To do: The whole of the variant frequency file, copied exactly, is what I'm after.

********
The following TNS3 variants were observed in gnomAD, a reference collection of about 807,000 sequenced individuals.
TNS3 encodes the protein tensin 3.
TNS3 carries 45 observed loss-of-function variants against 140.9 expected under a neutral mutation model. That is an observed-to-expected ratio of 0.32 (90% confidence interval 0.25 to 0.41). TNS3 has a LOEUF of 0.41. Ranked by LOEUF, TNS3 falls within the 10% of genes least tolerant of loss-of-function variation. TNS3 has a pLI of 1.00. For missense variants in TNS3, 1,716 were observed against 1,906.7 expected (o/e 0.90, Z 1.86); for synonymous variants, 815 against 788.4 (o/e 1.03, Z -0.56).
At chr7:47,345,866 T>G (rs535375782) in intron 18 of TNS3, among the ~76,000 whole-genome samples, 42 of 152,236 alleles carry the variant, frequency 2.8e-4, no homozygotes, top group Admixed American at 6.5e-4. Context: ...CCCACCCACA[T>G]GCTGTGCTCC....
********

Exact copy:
The following TNS3 variants were observed in gnomAD, a reference collection of about 807,000 sequenced individuals.
TNS3 encodes the protein tensin 3.
TNS3 carries 45 observed loss-of-function variants against 140.9 expected under a neutral mutation model. That is an observed-to-expected ratio of 0.32 (90% confidence interval 0.25 to 0.41). TNS3 has a LOEUF of 0.41. Ranked by LOEUF, TNS3 falls within the 10% of genes least tolerant of loss-of-function variation. TNS3 has a pLI of 1.00. For missense variants in TNS3, 1,716 were observed against 1,906.7 expected (o/e 0.90, Z 1.86); for synonymous variants, 815 against 788.4 (o/e 1.03, Z -0.56).
At chr7:47,345,866 T>G (rs535375782) in intron 18 of TNS3, among the ~76,000 whole-genome samples, 42 of 152,236 alleles carry the variant, frequency 2.8e-4, no homozygotes, top group Admixed American at 6.5e-4. Context: ...CCCACCCACA[T>G]GCTGTGCTCC....